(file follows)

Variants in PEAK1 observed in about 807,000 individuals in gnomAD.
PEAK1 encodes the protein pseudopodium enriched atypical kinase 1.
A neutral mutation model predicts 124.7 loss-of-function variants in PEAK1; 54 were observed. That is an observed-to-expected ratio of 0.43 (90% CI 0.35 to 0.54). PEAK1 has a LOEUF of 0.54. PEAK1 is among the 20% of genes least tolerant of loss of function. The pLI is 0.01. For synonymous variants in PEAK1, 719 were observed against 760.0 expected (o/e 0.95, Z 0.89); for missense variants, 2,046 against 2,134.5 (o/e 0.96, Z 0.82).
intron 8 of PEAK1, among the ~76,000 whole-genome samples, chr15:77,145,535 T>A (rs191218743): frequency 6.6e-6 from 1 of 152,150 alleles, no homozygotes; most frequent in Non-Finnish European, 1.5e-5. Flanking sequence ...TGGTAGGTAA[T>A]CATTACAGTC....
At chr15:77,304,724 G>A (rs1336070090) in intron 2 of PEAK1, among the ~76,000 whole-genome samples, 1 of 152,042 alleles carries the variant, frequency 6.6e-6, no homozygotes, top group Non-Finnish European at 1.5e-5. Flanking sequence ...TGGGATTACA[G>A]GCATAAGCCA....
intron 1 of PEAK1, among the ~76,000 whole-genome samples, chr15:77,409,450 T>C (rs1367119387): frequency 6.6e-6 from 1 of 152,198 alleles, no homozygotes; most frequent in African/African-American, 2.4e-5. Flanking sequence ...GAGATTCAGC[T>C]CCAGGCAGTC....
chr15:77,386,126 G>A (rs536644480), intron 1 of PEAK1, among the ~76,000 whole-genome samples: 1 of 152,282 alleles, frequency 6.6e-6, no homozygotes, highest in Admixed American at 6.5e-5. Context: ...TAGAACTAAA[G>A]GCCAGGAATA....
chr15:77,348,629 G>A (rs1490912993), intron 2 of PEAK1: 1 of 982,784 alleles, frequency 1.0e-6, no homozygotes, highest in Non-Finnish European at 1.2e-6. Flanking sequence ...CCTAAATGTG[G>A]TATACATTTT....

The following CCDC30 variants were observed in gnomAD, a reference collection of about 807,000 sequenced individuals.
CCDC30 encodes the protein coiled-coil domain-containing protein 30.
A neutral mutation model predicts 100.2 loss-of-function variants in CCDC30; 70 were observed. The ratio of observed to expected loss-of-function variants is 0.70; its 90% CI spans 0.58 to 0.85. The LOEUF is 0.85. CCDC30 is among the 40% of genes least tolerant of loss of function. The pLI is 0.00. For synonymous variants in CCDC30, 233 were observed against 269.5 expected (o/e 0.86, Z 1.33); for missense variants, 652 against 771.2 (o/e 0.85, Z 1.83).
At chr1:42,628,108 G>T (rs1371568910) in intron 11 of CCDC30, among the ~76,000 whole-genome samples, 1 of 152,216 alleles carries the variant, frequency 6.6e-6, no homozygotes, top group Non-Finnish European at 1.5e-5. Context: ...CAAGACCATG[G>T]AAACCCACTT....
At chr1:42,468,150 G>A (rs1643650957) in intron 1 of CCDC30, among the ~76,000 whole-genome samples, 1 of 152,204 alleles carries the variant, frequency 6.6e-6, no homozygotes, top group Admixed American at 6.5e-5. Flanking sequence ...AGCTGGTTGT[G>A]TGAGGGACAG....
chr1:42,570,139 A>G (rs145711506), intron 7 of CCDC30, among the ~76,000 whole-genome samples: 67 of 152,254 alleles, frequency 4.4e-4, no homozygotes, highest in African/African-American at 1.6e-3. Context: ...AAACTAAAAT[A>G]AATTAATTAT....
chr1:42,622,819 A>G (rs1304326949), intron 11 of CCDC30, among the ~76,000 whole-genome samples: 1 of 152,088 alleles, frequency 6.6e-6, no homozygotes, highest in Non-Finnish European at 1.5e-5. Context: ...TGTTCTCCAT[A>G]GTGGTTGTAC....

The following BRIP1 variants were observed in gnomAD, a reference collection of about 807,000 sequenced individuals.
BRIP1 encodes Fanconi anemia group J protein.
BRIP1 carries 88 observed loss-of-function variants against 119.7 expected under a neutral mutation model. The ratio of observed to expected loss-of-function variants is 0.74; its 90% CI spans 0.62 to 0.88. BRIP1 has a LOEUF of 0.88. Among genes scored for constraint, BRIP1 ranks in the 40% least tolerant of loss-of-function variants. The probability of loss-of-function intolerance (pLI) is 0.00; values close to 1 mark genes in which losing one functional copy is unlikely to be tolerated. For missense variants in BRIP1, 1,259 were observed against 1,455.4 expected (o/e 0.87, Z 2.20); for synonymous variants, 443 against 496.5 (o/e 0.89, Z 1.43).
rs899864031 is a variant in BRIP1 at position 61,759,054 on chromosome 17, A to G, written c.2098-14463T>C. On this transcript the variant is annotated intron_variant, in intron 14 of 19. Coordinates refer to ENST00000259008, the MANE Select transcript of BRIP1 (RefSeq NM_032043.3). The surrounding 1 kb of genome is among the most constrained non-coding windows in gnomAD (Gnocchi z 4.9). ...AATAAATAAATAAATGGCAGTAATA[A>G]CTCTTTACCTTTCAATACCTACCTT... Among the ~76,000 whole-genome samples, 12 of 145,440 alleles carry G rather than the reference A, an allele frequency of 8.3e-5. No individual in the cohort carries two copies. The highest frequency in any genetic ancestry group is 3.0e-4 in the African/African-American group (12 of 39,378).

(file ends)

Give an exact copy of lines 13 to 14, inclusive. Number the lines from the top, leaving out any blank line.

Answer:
At chr1:42,468,150 G>A (rs1643650957) in intron 1 of CCDC30, among the ~76,000 whole-genome samples, 1 of 152,204 alleles carries the variant, frequency 6.6e-6, no homozygotes, top group Admixed American at 6.5e-5. Flanking sequence ...AGCTGGTTGT[G>A]TGAGGGACAG....
chr1:42,570,139 A>G (rs145711506), intron 7 of CCDC30, among the ~76,000 whole-genome samples: 67 of 152,254 alleles, frequency 4.4e-4, no homozygotes, highest in African/African-American at 1.6e-3. Context: ...AAACTAAAAT[A>G]AATTAATTAT....